1925, Comedy, 1h 10m16 Reviews 250+ Ratings
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The College Hero
The College Tailor
The College Cad
The College Belle
The Football Coach
Student Who Goes to Dean
Critic Reviews for The Freshman
Flawlessly executed and edited for maximum impact, the gags have timepiece precision, but Lloyd always sells his mishaps as things that just kind of happen to his character [The Freshman] works because it keeps viewers rooting for its hero.April 1, 2014 | Rating: 5/5 | Full Review…
Lloyd has never been a very good actor; he has been a dummy for comic devices. And we are not much moved by the scene in The Freshman in which he learns at last that he has been the butt of his fellow students, instead of, as he has believed, their hero.January 23, 2013 | Full Review…
Mr. Lloyd could be funny playing an undisturbed mummy. Simply this: The Freshman is not so funny as earlier of the comedian's adventures.
Lloyd can't compete with Chaplin and Keaton, but he perfectly embodied the can-do energy of the 1920s, and few things are quite as funny as his bespectacled, apple-pie face twisted by a panic that was always justified.
This is a regular Harold Lloyd strip of fun, which is made all the more hilarious by introducing something like suspense in the sequences on the football field.
Lloyd's films are prose where Keaton's were poems, but gag for gag, Lloyd was the funniest screen comic of his time.
Audience Reviews for The Freshman
Nov 15, 2018Harold Lloyd is his awkward, lovable self in â~The Freshmanâ(TM), where he goes off to college seeking popularity. Heâ(TM)s mostly mocked without realizing it, and after trying out for the football team, is used as a tackling dummy in practice and then as a water boy during the game, though of course thinks he may go in at any time. He hosts a big dance, the â~Fall Frolicâ(TM), but has his ill-tailored suit falls apart as he tries to move around. There are few laugh out loud moments, even if the filmâ(TM)s heart is in the right place, and some of the scenes go on for just a little too long. Seeing football played so long ago, even comically, with those thin leather helmets and that puffier ball, and finding out the crowd scenes were shot at halftime during the 1924 â~Big Gameâ(TM) between Cal and Stanford, was also personally interesting. That move where he unlaces the ball is pretty cool too. Lastly, and this is kind of a quirky thing of mine, but I like how Lloyd gives us shots of objects or things in print in his films, in this case various books from the period, newspaper articles, and a crossword puzzle he notices Jobyna Ralston doing on a train and tries to help her with. Even her final message to him is a handwritten note, and very sweet. Not quite as good as â~Safety Lastâ(TM) or â~Girl Shyâ(TM) from the previous two years, but solid entertainment.Antonius B Super Reviewer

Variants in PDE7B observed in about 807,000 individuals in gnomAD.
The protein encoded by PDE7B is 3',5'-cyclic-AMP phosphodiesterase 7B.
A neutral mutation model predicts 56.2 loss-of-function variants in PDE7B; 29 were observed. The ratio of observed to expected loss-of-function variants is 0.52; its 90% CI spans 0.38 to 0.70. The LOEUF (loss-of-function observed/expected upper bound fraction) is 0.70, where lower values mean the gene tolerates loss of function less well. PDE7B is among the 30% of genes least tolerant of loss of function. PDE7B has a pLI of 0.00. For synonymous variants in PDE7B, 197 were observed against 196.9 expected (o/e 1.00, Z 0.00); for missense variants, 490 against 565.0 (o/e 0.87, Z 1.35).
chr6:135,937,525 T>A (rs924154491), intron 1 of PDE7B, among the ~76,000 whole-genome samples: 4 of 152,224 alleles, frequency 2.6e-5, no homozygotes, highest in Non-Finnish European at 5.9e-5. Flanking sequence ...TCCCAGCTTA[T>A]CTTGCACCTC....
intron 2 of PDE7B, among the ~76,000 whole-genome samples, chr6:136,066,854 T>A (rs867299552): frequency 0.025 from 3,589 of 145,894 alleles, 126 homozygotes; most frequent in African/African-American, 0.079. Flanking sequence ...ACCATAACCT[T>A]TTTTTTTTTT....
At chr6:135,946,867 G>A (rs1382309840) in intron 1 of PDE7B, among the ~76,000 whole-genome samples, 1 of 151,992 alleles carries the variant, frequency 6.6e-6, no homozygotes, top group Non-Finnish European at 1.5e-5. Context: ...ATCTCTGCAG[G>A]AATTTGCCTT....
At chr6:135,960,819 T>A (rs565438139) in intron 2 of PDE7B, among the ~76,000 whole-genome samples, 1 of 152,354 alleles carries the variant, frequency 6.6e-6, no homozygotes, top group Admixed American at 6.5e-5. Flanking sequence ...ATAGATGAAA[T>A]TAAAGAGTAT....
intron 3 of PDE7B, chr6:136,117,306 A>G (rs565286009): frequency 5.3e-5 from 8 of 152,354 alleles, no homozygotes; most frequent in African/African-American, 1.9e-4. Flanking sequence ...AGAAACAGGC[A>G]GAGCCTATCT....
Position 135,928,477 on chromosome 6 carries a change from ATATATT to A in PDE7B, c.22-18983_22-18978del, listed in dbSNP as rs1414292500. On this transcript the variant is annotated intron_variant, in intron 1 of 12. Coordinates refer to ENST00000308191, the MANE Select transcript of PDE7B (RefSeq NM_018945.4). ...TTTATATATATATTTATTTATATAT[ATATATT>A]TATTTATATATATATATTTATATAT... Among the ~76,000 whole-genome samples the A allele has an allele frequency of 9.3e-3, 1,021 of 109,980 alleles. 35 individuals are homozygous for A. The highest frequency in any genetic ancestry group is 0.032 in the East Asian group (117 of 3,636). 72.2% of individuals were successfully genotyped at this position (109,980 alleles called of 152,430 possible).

Jul 20, 2017Great fun in this silent college comedy. I have yet to see Buster Keaton's entry in this subgenre, College. I have seen Clara Bow's 1920's college set The Wild Party. Harold Lloyd is at his peak in this type of nerdy role. It is quite enjoyable to time travel to American college life in the Jazz age. Lloyd is nearly as great as Keaton and Chaplin with the physicality of slapstick. The football practice and big game are the central showcases of slapstick here of course. Right up to the 90's with Adam Sandler's The Waterboy many of the same character types have been repeated over and over again in Hollywood college set comedies.Byron B Super Reviewer
Jul 26, 2011A typical college comedy for the 20s, and the plot is predictable, but Lloyd makes this movie enjoyable and entertaining. He really is hilarious in all his mishaps in this movie. I really enjoyed it, and I recommend it.Aj V Super Reviewer
Jun 18, 2009Chaplin may be filled with warmth and pathos, Keaton may be a great athlete, but Harold Lloyd is just plain funny, and thus my favorite silent comedian. And The Freshman is one of his best. A nerdy young man attends a university to play football in order to impress a girl -- why else, right? He is obviously not up to the task and pays for it dearly. Lots of slapstick silliness, sight gags, and lots of heart to boot. Got to see it on the big screen at a repertory screening. The 21st century audience I saw it with laughed hysterically, as if this 80 year old film (at the time I saw it) was a new release. How many of today's Hollywood comedies will still be funny 80 years from now?Cindy I Super Reviewer
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